Jury awards Syracuse man more than $3 million for car crash injury
A state Supreme Court jury Wednesday awarded a Syracuse man $3.39 million in damages as compensation for severe injuries he suffered in a car crash three years ago.
Matthew Hidek, now 42, suffered severe orthopedic and head injuries in the crash that occurred Oct. 7, 2009, at Route 92 and Thorntree Hill Road in DeWitt, according to lawyer Michael Porter.
Porter said Hidek continues to suffer from the effects of a traumatic brain injury that has affected his memory and concentration.
Hidek was a Ph.D. student at the Syracuse University Maxwell School and a professor at Cazenovia College at the time of the 2009 crash. He was on his way to work about 7:30 a.m. that day when a second vehicle pulled out into the path of his vehicle, Porter said.
The defendant in the lawsuit was Victoria Scalzo, the 17-year-old driver of the car that pulled in front of Hidek’s vehicle, Porter said.
Following a seven-day trial before Justice James Murphy, the jury deliberated about 5 1/2 hours before reaching the verdict awarding the damages, Porter said.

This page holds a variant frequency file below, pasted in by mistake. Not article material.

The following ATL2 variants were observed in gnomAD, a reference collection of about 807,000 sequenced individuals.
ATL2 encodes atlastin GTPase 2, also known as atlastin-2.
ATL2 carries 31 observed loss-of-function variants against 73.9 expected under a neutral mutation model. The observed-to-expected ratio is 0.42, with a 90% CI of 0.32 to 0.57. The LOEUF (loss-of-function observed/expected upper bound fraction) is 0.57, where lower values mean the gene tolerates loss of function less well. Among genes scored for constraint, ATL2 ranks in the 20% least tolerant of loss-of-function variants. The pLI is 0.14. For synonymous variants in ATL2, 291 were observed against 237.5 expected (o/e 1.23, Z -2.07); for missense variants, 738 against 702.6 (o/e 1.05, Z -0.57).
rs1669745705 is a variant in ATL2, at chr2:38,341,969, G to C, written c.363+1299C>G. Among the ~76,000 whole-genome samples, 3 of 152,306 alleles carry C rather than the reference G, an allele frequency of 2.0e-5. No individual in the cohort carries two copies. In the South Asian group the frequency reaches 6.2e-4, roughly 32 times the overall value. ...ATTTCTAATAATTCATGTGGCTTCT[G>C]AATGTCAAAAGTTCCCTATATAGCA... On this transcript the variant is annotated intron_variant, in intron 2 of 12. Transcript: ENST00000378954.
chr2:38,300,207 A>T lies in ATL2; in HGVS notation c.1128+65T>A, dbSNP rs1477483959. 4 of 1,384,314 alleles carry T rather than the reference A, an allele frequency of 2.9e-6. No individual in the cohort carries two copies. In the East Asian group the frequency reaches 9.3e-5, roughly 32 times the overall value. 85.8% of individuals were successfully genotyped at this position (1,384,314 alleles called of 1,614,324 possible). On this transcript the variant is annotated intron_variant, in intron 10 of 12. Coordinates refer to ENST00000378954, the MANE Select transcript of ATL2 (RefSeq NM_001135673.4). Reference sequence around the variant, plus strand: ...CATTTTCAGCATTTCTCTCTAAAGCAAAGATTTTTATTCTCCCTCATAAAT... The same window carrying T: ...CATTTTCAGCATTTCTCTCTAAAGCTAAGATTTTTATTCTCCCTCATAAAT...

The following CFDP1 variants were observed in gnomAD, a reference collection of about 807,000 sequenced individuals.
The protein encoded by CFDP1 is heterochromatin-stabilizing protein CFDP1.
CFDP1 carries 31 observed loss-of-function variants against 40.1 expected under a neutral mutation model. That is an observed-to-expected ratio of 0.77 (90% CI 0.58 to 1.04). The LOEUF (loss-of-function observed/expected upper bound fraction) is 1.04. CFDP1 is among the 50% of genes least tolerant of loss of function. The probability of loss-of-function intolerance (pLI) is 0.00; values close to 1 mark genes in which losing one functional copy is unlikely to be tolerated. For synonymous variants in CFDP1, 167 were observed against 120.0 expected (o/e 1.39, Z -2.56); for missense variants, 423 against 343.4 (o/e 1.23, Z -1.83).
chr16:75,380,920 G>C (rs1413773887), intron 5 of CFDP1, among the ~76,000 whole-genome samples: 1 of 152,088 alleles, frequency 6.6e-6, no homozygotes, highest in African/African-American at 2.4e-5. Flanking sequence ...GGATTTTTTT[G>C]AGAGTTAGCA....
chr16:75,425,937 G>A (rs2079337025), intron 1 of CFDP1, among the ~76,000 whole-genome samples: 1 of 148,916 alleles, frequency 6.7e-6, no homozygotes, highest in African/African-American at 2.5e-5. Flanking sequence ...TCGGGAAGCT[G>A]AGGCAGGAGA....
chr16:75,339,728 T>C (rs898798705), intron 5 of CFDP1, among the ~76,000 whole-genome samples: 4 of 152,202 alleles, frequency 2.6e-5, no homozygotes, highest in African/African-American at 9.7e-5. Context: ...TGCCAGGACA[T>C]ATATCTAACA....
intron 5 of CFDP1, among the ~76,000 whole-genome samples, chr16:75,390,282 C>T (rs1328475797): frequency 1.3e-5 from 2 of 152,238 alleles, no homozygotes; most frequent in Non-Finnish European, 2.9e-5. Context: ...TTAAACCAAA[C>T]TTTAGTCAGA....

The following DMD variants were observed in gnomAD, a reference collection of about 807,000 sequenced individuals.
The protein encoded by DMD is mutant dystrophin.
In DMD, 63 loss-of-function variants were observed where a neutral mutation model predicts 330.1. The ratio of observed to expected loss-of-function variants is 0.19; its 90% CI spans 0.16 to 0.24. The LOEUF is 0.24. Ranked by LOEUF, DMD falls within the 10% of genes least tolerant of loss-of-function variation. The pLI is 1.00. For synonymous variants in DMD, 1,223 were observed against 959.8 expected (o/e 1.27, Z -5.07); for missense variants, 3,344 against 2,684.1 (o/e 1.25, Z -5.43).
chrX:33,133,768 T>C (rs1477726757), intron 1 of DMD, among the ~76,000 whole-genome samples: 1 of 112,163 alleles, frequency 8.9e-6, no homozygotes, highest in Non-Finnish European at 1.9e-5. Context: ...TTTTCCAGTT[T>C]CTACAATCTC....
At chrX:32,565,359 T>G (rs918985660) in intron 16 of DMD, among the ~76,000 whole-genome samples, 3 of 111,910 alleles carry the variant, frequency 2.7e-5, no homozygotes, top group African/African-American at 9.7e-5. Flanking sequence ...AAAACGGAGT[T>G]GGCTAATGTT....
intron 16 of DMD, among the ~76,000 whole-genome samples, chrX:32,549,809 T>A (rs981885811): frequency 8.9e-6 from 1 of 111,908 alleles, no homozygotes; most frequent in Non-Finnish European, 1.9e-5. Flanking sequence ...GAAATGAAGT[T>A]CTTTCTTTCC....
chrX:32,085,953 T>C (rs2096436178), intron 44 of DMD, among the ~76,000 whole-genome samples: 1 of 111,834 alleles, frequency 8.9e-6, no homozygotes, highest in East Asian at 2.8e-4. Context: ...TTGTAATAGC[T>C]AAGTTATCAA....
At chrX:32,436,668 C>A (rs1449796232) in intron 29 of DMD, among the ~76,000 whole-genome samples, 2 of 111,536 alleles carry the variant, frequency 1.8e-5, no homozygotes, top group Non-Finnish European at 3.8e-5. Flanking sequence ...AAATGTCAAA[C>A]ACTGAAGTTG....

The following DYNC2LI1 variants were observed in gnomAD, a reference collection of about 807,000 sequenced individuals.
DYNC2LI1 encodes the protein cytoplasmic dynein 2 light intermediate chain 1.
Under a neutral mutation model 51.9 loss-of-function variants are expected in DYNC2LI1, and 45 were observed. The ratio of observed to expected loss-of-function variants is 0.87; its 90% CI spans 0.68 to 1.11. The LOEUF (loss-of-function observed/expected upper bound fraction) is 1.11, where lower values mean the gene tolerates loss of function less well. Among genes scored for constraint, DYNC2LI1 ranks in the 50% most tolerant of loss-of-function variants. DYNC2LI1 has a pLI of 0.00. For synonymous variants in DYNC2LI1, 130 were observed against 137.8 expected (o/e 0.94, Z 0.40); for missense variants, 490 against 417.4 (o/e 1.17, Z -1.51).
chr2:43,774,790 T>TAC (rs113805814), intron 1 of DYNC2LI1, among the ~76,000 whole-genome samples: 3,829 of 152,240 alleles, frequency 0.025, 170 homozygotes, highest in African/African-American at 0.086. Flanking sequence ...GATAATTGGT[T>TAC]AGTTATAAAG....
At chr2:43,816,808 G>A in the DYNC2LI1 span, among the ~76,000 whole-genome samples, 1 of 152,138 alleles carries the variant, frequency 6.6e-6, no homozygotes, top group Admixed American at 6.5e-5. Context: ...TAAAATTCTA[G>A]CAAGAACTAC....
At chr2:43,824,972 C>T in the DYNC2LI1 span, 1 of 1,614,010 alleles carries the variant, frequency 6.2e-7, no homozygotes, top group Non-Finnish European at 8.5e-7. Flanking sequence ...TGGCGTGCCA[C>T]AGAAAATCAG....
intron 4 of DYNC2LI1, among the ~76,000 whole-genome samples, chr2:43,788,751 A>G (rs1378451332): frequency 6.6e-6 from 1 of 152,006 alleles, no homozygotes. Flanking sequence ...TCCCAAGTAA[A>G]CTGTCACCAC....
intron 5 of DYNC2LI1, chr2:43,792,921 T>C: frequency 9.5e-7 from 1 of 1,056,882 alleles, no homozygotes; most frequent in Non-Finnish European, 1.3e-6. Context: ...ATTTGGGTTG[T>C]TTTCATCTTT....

Car Crash Injury in New York
According to Porter, the defense conceded liability for the crash but challenged whether Hidek actually suffered from a traumatic brain injury. Several medical providers were called as witnesses to testify in Hidek’s behalf on that issue, Porter said.
The damages included money for past and future medical expenses and lost wages. The largest portion was the $1.8 million awarded for future lost wages, Porter said.
“He was a very accomplished academic who had a lot of vocational potential ahead of him. But those are gone now,” Porter said. Hidek has been able to return to teaching on a part-time basis, the lawyer said.
The damages also included $325,000 for Hidek’s wife, Melissa, for the loss of her husband’s services as a result of his injuries, Porter said.
Hidek is a military veteran and the father of two daughters, the lawyer said.
The amount of the verdict was “pretty noteworthy” in that such multimillion-dollar damage awards usually involve death cases, Porter said.